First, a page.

In the photo above, I explain the concept of “a NAS file server in the cloud” (AWS) to a Cloud Expo Conference attendee. That’s me in one of my colorful shirts I’m known for wearing at industry conferences and trade show.
In this photo, area sales Manager Rich Nave and Product Marketing Manager Heather Wellington explain Gluster deployments within virtual machine environments and in the data center on bare metal.
The RightScale User Conference provided attendees with a wealth of information on more effective and efficient cloud infrastructure deployment and management. RightScale’s Partner Connection meeting at the ACE hotel resulted in a collective of RightScale partners who had previously not had the opportunity to meet. The results of this kind of meet-up are new and creative solutions for users – and I can tell there are a few new solutions being discussed even as I write this blog. Additionally, RightScale hosted a cocktail party for everyone – user conference attendees and partners alike. The rooftop party at the Gansevoort New York City hotel provided the perfect venue for a mix of cloud conversations and cocktails. If you attend the RightScale User Conference this fall, or next spring in New York, I highly encourage you to attend the cocktail party and dive into conversation with some of the industry’s most talented cloud technologists.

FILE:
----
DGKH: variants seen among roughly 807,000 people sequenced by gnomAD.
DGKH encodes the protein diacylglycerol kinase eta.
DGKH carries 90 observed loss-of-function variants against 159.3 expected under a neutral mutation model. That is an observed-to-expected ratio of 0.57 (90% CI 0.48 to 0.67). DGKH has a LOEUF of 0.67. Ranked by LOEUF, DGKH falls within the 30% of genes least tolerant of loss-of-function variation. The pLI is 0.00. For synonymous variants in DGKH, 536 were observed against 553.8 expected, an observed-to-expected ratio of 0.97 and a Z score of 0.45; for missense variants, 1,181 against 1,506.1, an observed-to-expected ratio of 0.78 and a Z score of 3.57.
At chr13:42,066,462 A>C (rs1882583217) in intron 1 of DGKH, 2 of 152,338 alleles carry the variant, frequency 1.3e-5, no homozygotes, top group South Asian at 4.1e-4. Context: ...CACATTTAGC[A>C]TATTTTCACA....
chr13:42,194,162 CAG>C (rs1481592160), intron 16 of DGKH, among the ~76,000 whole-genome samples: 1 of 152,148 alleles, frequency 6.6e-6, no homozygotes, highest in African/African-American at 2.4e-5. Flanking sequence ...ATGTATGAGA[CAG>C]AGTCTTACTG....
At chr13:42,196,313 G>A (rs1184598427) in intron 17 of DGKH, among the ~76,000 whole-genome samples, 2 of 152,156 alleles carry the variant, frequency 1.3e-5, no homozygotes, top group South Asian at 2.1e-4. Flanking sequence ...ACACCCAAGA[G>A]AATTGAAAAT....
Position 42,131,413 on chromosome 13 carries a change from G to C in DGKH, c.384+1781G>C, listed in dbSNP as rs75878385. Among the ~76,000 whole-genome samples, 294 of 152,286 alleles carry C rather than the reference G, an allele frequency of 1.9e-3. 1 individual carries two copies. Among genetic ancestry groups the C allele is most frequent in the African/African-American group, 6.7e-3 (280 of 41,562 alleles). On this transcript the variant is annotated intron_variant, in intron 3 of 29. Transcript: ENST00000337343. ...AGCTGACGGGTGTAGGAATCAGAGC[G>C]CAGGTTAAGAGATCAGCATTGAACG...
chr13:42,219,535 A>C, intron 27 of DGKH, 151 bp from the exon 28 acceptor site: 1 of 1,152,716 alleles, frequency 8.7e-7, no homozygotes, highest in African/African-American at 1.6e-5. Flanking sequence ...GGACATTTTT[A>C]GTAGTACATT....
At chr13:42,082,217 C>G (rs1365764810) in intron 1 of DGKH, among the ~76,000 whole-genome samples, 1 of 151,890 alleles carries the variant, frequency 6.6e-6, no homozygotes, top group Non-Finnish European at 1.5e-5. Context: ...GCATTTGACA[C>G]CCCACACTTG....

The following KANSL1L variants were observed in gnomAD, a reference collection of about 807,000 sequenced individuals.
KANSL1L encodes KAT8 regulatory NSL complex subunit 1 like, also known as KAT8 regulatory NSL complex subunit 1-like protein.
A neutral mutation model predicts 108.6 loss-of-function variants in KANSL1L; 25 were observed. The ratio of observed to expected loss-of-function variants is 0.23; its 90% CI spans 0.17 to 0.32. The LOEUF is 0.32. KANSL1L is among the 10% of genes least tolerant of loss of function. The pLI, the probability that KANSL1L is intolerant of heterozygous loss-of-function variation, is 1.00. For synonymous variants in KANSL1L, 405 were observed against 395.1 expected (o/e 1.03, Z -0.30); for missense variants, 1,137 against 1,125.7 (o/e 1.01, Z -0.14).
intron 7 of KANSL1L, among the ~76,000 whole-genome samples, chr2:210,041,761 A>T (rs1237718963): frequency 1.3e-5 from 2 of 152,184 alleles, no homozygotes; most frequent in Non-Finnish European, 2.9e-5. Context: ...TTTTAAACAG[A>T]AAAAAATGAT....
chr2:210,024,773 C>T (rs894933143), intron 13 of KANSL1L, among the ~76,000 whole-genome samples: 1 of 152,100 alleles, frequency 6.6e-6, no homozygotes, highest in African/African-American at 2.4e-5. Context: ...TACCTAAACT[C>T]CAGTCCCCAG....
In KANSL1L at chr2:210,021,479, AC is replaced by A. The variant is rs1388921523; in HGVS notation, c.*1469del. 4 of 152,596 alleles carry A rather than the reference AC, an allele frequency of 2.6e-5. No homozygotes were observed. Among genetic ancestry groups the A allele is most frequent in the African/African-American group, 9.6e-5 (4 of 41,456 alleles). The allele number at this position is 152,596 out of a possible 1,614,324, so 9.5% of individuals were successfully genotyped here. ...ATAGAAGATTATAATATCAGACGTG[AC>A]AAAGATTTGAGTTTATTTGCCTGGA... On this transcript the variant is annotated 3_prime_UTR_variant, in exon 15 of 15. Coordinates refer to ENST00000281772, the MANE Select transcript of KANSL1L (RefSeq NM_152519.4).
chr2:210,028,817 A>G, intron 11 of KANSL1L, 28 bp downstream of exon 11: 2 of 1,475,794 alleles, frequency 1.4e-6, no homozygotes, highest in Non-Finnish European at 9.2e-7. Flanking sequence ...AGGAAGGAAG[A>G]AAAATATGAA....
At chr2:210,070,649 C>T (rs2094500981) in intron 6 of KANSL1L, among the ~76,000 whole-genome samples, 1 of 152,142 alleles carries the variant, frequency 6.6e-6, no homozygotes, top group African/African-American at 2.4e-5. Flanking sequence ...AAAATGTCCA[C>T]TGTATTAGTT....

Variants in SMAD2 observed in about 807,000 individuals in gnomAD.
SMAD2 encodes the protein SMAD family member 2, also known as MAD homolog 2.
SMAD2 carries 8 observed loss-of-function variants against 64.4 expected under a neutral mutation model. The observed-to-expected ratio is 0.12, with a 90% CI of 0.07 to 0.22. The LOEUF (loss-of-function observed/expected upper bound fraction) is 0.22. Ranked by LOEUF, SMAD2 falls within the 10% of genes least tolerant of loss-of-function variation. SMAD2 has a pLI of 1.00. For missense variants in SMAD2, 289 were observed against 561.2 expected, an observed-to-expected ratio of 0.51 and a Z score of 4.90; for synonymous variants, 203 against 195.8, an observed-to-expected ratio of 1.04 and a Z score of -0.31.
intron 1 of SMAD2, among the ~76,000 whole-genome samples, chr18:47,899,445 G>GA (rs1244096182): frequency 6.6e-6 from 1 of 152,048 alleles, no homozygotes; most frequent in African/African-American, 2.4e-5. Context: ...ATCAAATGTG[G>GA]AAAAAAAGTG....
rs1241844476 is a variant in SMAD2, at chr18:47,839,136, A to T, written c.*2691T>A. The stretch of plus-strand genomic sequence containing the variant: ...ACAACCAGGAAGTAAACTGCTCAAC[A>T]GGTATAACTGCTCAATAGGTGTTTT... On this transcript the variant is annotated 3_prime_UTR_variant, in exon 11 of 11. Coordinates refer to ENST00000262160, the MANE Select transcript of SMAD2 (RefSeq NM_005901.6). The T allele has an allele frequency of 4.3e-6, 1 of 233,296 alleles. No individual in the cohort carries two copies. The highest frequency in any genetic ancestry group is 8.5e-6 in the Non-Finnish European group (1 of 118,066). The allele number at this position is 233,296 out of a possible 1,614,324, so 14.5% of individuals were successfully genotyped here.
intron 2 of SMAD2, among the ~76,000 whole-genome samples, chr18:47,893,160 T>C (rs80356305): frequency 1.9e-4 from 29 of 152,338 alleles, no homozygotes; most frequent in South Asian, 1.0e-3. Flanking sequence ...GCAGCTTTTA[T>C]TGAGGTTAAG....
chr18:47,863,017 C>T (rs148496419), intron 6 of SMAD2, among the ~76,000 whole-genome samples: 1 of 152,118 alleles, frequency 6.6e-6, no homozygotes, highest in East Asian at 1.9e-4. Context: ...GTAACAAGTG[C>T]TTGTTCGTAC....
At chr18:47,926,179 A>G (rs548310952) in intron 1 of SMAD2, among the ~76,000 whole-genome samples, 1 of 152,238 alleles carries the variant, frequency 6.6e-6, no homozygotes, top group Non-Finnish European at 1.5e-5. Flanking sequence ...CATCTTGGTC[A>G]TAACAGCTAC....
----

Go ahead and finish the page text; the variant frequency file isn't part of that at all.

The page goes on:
Capping off the week was the AWS Summit at the midtown Hilton hotel. This was our first AWS Summit, and we were glad to spend time speaking with well over 1,000 attendees. AWS did a great job providing updates on their infrastructure and methodologies to better leverage their offerings. It was great to see so many AWS solutions partners there with us explaining how they fit within the AWS cloud. In simple terms, Gluster provides a NAS file server in the AWS cloud which can be deployed in minutes, scaled to petabytes and support synchronous and asynchronous data replication. We are also participating in the AWS Summit in San Francisco on June 21st at the Westin St. Francis hotel. Here’s a link to the summit:
http://aws.amazon.com/about-aws/aws-summit-2011/ We hope to see you there!
But back to NYC. We were happy to see that the Jacob K. Javitz Conference Center is undergoing remodeling and the whole area around the conference center is under redevelopment. New hotels, restaurants and even a new subway station leading right to the foot of the conference center are planned for opening in 2012.
I’ll leave you with one final thought. When companies and individuals set out to innovate, anything is possible. AWS has proven this by deploying what is arguably the standard in emerging cloud infrastructure. RightScale has proven that innovation can lead to a better way to manage the emerging cloud. Now, with innovation in cloud storage from Gluster, there is a better way to do storage – a better way to deploy, scale, manage and protect your businesses life blood…its information. We are proud to be a part of the new wave of innovation in cloud computing. Hope to see you soon and talk to you about all the great things happening with Gluster.